using canonical_tuple = tuple<...set<Ts...>...>;

This is far less useful on its own than the variant, since initializing that type will be quite the chore. Instead, canonicalized tuples appear as a result of the environment monads.

std::execution mixes in an environment, which consists at least of a stoppable_token, a scheduler, and possibly other things like a domain, and, at least in the authors’ implementation, arbitrary other things. An allocator is also optionally part of the environment.

The environment<pair<Tags, Ts>...> is a product type that is a map from Tag to a value of type T, say std::stop_token to never_stop_token{} and scheduler to thread_pool_scheduler.

One can push and pop things off the environment in different parts of the pipeline; if the pushes come in the wrong order, the environment is difficult to keep canonicalized.

auto ss = std::stop_source();
auto tp = std::static_thread_pool(5);
auto env = empty_env{} 
    | push_env<stop_token>(ss.get_token())
    | push_env<scheduler_t>(tp.get_scheduler())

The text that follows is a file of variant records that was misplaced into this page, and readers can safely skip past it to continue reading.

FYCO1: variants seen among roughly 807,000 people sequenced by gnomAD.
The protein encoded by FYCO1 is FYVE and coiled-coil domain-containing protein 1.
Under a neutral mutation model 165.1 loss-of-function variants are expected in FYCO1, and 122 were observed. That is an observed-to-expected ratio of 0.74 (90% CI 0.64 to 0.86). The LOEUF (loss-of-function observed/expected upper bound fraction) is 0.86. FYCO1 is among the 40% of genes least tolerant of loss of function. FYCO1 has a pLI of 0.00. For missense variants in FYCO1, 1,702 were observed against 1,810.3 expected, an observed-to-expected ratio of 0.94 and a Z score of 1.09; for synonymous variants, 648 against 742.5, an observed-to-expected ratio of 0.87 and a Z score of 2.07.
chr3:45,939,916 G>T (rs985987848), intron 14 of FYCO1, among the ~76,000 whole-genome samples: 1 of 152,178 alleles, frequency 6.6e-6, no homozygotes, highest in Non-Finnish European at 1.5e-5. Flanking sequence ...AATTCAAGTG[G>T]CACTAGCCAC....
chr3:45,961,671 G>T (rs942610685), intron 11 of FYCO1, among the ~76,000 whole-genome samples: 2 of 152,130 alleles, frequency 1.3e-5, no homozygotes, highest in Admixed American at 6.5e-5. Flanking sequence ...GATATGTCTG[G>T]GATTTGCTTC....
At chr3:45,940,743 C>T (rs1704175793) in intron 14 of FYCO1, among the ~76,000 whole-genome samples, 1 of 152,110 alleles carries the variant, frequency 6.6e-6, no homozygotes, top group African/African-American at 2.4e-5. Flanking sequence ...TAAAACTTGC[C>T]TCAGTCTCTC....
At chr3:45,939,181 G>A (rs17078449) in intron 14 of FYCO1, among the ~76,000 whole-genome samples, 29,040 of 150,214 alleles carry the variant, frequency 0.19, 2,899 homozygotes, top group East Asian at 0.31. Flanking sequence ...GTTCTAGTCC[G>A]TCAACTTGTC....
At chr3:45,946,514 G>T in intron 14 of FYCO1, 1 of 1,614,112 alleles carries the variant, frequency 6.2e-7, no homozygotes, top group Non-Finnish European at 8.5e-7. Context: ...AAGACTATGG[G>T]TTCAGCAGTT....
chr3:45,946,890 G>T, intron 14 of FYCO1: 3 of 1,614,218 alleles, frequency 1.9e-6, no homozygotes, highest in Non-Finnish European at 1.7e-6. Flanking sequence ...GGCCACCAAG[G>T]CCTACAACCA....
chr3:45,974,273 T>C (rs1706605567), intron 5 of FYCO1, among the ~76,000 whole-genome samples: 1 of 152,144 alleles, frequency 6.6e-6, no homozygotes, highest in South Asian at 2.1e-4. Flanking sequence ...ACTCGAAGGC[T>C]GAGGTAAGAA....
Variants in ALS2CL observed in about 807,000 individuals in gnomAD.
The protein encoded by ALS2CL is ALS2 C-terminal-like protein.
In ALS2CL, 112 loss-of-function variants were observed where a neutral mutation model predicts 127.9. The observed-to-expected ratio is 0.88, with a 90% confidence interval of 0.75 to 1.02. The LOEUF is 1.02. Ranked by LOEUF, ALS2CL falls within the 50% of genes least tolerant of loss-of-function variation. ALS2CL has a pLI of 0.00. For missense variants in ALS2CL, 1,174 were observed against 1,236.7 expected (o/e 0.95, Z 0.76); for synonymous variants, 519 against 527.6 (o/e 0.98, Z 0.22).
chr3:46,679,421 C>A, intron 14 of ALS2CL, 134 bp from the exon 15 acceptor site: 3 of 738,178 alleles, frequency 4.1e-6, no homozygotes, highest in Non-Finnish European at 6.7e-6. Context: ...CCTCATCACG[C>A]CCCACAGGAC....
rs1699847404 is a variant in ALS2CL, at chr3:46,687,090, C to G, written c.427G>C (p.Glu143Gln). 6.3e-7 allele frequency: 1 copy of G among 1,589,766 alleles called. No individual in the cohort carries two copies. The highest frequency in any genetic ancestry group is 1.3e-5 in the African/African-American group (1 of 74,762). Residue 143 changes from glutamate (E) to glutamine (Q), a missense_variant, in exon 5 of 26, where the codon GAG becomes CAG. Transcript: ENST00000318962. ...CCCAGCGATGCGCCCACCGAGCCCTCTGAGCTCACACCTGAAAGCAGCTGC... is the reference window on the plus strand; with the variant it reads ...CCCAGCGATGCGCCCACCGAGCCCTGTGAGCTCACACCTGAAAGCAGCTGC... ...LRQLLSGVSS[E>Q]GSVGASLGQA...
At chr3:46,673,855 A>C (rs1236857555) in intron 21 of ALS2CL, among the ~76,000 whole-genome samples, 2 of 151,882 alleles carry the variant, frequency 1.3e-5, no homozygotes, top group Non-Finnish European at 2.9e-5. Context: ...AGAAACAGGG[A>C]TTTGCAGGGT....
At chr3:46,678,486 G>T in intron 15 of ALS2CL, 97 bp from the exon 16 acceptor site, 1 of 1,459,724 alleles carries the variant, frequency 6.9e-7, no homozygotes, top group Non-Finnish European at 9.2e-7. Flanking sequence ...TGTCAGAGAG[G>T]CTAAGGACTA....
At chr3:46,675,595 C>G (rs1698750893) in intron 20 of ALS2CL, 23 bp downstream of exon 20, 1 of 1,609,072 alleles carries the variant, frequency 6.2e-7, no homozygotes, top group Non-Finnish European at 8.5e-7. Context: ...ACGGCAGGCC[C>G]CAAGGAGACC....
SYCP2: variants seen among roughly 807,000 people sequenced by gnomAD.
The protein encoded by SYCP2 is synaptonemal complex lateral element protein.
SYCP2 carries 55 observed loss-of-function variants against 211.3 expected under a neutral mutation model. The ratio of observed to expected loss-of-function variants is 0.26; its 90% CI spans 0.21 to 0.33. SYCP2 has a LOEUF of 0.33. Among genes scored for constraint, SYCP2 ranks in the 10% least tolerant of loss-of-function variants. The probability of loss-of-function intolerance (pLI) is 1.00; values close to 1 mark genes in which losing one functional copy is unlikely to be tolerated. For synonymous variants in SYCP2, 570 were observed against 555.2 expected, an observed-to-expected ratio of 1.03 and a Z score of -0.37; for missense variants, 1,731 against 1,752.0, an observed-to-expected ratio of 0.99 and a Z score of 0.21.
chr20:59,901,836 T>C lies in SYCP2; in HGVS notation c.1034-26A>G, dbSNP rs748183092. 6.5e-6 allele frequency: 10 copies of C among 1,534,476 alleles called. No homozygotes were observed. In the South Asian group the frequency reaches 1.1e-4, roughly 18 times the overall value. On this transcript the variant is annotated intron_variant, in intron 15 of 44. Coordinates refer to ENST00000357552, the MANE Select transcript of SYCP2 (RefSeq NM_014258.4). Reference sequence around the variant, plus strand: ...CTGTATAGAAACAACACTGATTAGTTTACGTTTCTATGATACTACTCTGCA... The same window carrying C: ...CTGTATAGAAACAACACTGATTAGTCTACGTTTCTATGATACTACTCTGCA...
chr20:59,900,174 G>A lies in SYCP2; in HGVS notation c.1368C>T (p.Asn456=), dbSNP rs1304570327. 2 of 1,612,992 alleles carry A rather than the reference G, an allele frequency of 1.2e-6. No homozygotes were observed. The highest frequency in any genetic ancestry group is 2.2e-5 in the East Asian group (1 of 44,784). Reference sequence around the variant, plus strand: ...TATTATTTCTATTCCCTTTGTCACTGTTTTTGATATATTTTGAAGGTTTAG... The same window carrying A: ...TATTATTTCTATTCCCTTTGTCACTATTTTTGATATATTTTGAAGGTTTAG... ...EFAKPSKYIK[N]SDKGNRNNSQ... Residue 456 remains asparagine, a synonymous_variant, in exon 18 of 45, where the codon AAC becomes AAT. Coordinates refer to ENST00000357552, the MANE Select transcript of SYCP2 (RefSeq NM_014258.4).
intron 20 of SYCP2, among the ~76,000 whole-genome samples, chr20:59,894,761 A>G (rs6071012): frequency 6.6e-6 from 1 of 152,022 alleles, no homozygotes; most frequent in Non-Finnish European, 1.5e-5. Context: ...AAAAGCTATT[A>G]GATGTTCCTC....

| push_env<mylib::numa_domain_t>(2);

If you imagine those three calls to happen in different algorithm transformers, it’s quite likely they’ll be in a different order, manifesting a different type, which doesn’t make much sense - the type behaves identically, this just leads to code bloat.

3.1.4 API stability

The authors have observed a necessity to sometimes split parts of such pipeline compositions into different compilation units due to excessive compile times and repetitive compilation.

This has proven difficult due to the brittle nature of type ordering of the names of explicit template specializations involved. By far, the main culprit has been the lack of a sensible canonicalization of names, as the order changes far more frequently than the set of types.


    | error_if_odd()          // there is no semantic change
    | error_if_we_too_long()  // if we flip these lines
    | ...

Flipping the lines will flip the two exit error types in the error list, however.

Having a defined, stable order of types proved invaluable (even if we did hack the type order manually).

4 Design discussion

The first two revisions of this proposal tried to construct a full type ordering from first principles. This is still included as the alternative proposal, should EWG want us to go that way.

4.1 Why implementation-defined?

The overwhelming response of people working on implementations, as well as people sitting on the Itanium ABI standards committee, was that this is a fool’s errand, and we need only look at the bugreports for the Itanium ABI to see why.

4.1.1 ABI specifications already have to do this work

As a taster, consider the following conundrum:

using what_type = decltype(
        [](this auto&& self,